Design Wine Labels for Fun and Profit

65_qna_125bMaybe it’s the nearness of the holidays, maybe it’s just that PaperSpecs readers are a bunch of lushes (probably both), but it seems we can’t post wine- and spirit-label-related stories fast enough. And it all began with Kevin Shaw’s excellent free PaperSpecs webinar, “Designing Spirited Labels.” (You can still catch the instant replay of that eye-candy cavalcade here.) Shaw is the founder and creative director of Stranger & Stranger, and the work of his wine-and-spirits-packaging firm speaks for itself.

After that hugely successful webinar, you spoke for yourselves, hurling several questions his way afterward. The following are his answers, crafted with the same love and attention to detail he devotes to his packaging. Drink up, you lovely lushes 🙂

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In your experience, how do you get a client to buy into a forward-thinking or “scary” concept?
I used to offer a money-back guarantee. Worked every time. To this day I’ve not come across another creative firm who is really willing to put their money where their mouth is. A long time ago, last century I think, I came up with an idea for a lenticular label featuring Tango dancers. No one had ever put that tech on a bottle before; we had to create a special lens. I said, ‘This will put you on the map, it will get you so much PR that you won’t know what to do. If it doesn’t then don’t pay me.’ It did 2 million cases and they had to hire a village to work around the clock to fulfill the orders.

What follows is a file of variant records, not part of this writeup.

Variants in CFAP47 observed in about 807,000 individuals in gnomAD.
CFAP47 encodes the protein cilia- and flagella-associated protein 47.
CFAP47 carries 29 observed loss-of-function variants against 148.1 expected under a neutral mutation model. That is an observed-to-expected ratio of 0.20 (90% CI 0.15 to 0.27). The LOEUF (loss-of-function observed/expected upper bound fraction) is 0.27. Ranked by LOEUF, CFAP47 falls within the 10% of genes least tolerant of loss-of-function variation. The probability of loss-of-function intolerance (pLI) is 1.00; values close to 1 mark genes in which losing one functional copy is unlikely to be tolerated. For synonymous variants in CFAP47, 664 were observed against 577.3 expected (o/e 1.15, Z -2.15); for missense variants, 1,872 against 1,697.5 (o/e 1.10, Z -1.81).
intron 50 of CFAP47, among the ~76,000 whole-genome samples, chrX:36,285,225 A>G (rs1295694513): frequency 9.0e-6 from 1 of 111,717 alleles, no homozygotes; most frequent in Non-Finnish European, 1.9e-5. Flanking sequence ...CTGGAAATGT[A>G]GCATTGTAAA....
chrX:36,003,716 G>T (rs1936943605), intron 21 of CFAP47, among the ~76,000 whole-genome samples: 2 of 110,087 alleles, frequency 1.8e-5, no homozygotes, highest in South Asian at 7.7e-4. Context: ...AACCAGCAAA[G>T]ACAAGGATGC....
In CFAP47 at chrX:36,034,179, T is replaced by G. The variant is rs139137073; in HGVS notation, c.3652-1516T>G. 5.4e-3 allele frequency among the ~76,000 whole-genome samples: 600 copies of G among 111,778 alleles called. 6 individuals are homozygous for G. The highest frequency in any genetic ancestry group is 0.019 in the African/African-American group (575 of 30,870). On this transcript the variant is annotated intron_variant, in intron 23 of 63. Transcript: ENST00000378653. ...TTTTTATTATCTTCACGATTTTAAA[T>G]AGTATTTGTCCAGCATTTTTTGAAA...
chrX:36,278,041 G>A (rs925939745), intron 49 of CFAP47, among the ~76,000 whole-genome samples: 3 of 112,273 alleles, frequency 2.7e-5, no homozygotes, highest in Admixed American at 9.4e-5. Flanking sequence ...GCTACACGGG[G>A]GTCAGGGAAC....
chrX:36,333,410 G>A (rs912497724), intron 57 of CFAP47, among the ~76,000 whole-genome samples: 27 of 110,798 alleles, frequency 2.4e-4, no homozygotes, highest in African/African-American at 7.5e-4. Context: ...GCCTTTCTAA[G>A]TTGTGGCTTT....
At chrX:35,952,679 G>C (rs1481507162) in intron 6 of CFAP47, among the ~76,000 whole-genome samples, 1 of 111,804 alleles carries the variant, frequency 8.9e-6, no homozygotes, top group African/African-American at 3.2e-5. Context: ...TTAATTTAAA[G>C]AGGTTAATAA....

How often do you need to sacrifice design elements because of the limitations of the printer/converter?
We try to know the limitations up front and design to fit, but every designer has to be flexible and skilled enough to make something cool out of one color and an interesting stock.

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How can a designer break into the wine label business?
I used to do them for a hobby. Then I went to the local distributor and offered to do them for nothing, then for wine, and eventually for cash. If you do a good job and, most importantly, increase sales, then word will get around.

If someone wants to work at Stranger, all they have to do is show us some beautiful work, doesn’t even have to be real, and we’ll hire them regardless of experience.

Any comments on using PCW recycled papers?
Do it. Ours is one of the most energy wasteful sectors in all of retail and we should be trying to be as sustainable as possible. Recycled papers are really good these days and there’s a decent selection.

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How do you create your intricate illustrations? Various freelancers or an in-house graphic design team?
All drawings and paintings are commissioned. Illustrators are much better at illustration than designers. And vice versa. Designers are better at type so all type and decoration is done in house by the designers.

How large is your company? Number of designers? How many designers work on a typical project?
We’re a small company, 19 people of which 11 are creative. Only one designer works on each brand so there’s a lot of pressure to nail it.

Are there ways that you can extend the brand such as coasters, napkins, etc.?
Absolutely. We must keep a lot of agencies busy doing support work for our brands.

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Where do you get your inspiration? Do you keep clip files of things you like? Where do you find those great, antique, obscure fonts?
We do a bit of research but most of the type is drawn in Illustrator by the designers.

How long do you typically spend on the design of a new product package – research, design, etc.?
A few days for the research and concept and a few more on art and production. We don’t mess around. I guess that’s what comes of being specialists and knowing the market.

More for your wine-, beer- & spirits-label enjoyment:

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